1. ## Sequence

I can't do this one :-(

Prove from the definition that $\displaystyle a_n=\frac{n^2 + 3n}{n^2 +2}$ -> 1 as n -> $\displaystyle \infty$

My lecturer wrote on the board that we should be answering the question as follows (he never gave us an example though!):

For a given positive h you must ensure that the difference of and 1 can be made to stay less than h. When you have an expression for the difference, look for a related simpler expression that can easily be made less than h.

2. Originally Posted by Natasha1
I can't do this one :-(

Prove from the definition that $\displaystyle a_n=\frac{n^2 + 3n}{n^2 +2}$ -> 1 as n -> $\displaystyle \infty$
My lecturer wrote on the board that we should be answering the question as follows (he never gave us an example though!):
For a given positive h you must ensure that the difference of and 1 can be made to stay less than h. When you have an expression for the difference, look for a related simpler expression that can easily be made less than h.
Hello,

I haven't much time now, so I show you the steps without much explanation:
Calculate the difference:
$\displaystyle \frac{n^2 + 3n}{n^2 +2} -1 \leq h$ Use synthetic division.

$\displaystyle 1+\frac{3n -2}{n^2 +2} -1 \leq h$

$\displaystyle \frac{n(3 -{2\over n})}{n(n +{2\over n})}\leq h$

$\displaystyle \frac{3 }{n}\leq h$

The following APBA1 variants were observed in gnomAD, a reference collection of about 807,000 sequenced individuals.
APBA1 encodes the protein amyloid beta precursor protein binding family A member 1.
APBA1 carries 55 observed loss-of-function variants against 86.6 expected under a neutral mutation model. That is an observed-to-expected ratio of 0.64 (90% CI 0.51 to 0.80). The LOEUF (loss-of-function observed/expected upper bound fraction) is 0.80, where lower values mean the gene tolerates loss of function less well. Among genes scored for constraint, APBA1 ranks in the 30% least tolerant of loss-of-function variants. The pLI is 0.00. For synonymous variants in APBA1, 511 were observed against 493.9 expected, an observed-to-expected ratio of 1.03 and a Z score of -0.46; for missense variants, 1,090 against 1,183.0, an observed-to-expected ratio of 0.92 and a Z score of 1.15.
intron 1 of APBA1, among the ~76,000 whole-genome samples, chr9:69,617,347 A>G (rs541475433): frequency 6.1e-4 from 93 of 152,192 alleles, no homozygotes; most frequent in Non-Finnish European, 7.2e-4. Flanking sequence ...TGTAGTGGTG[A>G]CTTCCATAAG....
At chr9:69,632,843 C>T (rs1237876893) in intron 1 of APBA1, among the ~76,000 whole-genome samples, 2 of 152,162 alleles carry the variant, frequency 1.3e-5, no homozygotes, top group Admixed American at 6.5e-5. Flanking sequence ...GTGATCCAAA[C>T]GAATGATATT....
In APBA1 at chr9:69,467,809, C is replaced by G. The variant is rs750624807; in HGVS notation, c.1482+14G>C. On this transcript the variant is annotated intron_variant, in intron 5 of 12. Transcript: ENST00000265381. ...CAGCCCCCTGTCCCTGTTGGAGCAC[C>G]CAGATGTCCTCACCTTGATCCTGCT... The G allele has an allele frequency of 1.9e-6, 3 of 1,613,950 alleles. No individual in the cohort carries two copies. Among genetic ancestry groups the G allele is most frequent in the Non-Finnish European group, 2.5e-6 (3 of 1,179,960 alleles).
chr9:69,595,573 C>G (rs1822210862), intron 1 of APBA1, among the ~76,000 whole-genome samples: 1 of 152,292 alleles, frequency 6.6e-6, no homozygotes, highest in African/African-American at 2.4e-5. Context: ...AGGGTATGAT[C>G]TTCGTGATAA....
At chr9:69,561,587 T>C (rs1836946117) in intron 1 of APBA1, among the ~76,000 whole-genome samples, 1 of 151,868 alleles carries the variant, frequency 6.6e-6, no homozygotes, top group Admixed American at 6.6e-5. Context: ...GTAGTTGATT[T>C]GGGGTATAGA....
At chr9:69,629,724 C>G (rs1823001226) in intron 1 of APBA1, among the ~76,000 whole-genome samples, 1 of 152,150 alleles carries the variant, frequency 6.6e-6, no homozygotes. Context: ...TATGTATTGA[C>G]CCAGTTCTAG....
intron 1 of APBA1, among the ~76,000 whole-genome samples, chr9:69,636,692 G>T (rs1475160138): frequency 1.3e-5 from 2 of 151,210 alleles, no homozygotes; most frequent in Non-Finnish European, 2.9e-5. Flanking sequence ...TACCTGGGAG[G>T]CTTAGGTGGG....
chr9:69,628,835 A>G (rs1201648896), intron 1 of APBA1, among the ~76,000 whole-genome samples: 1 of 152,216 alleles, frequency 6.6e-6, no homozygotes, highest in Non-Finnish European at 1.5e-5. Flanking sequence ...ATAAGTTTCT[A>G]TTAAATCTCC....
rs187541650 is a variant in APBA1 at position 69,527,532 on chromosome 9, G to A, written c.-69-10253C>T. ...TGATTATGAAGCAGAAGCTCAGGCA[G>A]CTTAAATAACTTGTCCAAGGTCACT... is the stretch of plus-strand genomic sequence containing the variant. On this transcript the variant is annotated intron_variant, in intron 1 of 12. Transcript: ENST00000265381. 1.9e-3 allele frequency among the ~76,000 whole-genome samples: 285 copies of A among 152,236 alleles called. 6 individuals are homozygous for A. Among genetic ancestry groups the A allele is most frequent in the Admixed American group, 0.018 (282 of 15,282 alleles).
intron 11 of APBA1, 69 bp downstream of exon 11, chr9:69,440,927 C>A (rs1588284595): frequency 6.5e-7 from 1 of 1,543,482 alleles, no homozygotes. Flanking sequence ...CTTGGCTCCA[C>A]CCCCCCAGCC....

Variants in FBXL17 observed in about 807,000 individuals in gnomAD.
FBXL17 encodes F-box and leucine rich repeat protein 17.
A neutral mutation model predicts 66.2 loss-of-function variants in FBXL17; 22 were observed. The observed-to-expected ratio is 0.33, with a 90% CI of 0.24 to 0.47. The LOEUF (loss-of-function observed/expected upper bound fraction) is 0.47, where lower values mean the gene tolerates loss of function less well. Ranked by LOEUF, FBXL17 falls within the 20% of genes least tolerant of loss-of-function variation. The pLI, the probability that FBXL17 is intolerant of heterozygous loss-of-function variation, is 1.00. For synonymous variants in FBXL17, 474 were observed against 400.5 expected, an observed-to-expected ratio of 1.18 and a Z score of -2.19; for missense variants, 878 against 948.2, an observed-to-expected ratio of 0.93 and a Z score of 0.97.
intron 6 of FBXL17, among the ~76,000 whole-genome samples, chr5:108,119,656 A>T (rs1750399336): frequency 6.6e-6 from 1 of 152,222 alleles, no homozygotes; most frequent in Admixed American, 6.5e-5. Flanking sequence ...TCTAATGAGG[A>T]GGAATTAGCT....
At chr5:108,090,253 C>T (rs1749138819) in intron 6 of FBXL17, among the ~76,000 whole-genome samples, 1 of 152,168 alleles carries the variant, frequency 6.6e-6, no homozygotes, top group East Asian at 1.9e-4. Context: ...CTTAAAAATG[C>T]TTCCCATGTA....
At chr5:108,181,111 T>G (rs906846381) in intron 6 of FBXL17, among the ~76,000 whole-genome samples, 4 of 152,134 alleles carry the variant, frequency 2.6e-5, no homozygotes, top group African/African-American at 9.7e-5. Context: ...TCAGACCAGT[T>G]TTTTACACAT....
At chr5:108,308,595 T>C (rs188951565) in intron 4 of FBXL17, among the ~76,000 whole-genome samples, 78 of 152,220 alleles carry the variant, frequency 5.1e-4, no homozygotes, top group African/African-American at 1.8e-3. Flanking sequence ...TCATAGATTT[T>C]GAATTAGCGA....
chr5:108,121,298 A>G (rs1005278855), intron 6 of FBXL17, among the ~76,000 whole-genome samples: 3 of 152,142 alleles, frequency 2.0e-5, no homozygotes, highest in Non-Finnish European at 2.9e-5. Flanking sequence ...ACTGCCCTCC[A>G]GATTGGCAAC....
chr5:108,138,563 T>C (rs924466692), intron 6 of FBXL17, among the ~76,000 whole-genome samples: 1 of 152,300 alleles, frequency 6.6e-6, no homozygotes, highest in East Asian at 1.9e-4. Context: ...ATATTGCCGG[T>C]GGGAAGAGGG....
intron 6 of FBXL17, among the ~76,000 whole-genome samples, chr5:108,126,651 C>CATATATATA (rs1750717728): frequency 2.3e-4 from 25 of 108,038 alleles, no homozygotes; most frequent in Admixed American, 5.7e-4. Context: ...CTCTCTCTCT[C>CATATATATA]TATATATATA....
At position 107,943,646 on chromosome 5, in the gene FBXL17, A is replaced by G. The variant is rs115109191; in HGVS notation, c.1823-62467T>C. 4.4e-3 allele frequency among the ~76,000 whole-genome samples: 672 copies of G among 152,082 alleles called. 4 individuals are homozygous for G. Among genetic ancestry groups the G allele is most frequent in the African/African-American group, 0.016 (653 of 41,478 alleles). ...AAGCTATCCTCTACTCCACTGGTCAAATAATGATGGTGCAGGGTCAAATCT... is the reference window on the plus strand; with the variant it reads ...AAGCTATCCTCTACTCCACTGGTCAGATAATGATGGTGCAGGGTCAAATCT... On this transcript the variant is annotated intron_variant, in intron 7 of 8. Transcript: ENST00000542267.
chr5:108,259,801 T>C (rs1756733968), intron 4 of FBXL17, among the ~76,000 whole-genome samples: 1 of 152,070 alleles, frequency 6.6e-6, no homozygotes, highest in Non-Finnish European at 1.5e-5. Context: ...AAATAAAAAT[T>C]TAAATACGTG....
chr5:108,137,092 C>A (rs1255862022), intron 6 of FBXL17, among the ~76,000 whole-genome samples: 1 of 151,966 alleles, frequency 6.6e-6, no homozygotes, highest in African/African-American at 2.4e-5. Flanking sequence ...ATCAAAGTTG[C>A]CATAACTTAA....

Greetings

EB

3. Originally Posted by Natasha1
I can't do this one :-(

Prove from the definition that $\displaystyle a_n=\frac{n^2 + 3n}{n^2 +2}$ -> 1 as n -> $\displaystyle \infty$

My lecturer wrote on the board that we should be answering the question as follows (he never gave us an example though!):

For a given positive h you must ensure that the difference of and 1 can be made to stay less than h. When you have an expression for the difference, look for a related simpler expression that can easily be made less than h.

Definition? What should be the definition here? I am lost.

Suppose we just show that a_n tends to 1 as n approaches infinity, without using that "definition"?

a_n = (n^2 +3n) / (n^2 +2) --> 1, as n-->infinity.
Divide both numerator and denominator by n^2,
a_n = [(n^2)/(n^2) +(3n)/(n^2) ] / [(n^2)/(n^2) +2/(n^2)] --->1, as n-->infinity.
a_n = [1 +3/n] / [1 +2/(n^2)] --> 1, as n-->infinity.
The 3/n and 2/(n^2) approach zero as n approaches infinity, so,
a_n = [1] / [1] ---> 1
a_n --> 1

Shown.

4. Originally Posted by ticbol
Definition? What should be the definition here? ...
Hello,

I guessed that Natasha1 refered to Cauchy's convergence criteria.

May be I was wrong, but finally I got the simplier expression which was asked for.

Greetings

EB